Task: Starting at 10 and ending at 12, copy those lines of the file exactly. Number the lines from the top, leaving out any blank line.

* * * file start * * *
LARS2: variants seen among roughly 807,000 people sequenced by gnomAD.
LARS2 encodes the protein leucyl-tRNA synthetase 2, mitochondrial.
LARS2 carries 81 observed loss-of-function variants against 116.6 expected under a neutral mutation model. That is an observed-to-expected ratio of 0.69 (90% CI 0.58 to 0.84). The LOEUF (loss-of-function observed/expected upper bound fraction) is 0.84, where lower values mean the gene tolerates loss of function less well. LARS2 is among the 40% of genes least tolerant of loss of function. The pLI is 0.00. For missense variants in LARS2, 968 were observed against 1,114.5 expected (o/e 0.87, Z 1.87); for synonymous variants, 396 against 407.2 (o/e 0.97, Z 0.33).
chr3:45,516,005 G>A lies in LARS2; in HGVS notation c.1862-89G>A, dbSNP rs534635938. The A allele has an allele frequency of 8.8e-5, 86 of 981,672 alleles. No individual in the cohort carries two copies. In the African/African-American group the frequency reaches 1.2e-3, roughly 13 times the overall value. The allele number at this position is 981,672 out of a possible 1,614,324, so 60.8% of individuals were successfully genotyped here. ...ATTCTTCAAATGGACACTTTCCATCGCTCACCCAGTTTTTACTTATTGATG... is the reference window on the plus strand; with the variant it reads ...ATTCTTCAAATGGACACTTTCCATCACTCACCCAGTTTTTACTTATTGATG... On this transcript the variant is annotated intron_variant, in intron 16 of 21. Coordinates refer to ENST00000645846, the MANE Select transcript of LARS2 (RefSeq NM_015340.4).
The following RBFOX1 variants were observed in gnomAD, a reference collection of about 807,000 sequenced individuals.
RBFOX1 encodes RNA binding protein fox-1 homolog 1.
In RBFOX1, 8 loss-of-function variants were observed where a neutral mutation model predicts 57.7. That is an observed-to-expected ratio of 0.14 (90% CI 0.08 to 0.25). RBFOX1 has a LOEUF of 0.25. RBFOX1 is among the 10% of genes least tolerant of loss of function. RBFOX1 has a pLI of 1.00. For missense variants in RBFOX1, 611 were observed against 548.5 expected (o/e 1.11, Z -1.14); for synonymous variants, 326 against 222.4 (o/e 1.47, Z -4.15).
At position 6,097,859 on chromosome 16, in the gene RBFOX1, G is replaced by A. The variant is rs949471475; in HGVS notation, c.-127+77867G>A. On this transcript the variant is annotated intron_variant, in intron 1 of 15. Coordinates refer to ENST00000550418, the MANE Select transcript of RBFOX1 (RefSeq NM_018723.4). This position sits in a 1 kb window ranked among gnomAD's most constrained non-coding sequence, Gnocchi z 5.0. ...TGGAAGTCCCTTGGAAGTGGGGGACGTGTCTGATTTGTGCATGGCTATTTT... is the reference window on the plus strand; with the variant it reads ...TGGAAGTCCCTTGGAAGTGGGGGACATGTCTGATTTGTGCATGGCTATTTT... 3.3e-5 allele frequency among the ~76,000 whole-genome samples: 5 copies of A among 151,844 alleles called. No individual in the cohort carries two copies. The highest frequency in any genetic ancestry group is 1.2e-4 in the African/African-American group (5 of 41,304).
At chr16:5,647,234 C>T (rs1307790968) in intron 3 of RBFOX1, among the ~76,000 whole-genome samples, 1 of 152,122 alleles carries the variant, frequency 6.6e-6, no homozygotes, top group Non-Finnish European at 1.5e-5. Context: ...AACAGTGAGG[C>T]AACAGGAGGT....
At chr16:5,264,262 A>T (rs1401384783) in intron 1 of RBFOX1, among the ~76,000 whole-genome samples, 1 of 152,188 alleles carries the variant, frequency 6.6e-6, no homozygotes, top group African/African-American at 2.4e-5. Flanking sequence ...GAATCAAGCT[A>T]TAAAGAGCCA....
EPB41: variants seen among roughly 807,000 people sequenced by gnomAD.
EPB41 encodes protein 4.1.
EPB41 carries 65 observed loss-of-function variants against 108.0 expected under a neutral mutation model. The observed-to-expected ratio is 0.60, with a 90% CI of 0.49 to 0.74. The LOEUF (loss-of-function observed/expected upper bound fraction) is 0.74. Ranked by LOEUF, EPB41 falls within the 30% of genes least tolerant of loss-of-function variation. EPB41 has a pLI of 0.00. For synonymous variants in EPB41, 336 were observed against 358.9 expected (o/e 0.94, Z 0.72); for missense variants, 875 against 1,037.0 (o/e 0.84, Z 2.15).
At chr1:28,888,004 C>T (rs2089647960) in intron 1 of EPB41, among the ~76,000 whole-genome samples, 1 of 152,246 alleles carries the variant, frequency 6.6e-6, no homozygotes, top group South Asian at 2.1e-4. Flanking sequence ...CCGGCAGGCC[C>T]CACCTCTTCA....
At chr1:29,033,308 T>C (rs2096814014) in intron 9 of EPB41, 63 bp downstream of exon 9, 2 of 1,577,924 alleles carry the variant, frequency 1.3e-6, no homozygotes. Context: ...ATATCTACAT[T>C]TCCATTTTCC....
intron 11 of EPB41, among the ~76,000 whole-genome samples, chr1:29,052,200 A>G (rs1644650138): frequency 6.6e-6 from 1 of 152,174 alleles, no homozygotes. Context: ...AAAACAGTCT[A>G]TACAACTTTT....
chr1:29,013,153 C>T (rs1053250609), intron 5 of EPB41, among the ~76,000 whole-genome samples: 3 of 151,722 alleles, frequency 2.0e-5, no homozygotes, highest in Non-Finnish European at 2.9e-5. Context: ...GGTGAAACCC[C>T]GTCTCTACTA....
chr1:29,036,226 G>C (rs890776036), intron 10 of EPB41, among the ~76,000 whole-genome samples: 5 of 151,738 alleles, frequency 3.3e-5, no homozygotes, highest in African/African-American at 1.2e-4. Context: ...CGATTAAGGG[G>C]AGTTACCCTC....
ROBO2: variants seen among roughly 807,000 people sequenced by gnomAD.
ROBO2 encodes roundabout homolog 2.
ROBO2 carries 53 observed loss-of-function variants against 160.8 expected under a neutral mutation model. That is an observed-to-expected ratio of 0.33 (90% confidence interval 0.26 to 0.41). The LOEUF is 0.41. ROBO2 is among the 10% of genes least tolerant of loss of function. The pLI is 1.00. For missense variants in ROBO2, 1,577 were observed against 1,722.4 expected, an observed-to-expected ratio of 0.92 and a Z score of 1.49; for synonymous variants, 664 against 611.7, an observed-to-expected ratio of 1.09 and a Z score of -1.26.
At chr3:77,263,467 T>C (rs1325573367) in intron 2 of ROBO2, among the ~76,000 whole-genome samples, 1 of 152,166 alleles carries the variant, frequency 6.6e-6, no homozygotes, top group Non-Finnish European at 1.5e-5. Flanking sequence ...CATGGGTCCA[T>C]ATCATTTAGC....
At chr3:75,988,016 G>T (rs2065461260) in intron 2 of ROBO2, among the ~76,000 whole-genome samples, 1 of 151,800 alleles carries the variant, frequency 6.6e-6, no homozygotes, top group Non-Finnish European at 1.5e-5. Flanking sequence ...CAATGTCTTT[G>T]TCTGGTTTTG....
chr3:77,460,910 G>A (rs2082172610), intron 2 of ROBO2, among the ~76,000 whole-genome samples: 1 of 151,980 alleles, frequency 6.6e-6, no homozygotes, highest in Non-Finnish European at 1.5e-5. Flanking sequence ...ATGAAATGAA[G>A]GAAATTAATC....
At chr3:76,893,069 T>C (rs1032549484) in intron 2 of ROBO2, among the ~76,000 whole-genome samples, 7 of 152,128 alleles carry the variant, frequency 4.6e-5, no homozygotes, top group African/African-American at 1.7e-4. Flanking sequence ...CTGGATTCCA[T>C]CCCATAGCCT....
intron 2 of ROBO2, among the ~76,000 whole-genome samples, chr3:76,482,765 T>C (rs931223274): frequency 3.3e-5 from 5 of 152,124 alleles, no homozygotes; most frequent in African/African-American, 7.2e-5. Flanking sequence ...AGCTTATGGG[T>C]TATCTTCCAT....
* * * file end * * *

At chr16:5,264,262 A>T (rs1401384783) in intron 1 of RBFOX1, among the ~76,000 whole-genome samples, 1 of 152,188 alleles carries the variant, frequency 6.6e-6, no homozygotes, top group African/African-American at 2.4e-5. Flanking sequence ...GAATCAAGCT[A>T]TAAAGAGCCA....
EPB41: variants seen among roughly 807,000 people sequenced by gnomAD.
EPB41 encodes protein 4.1.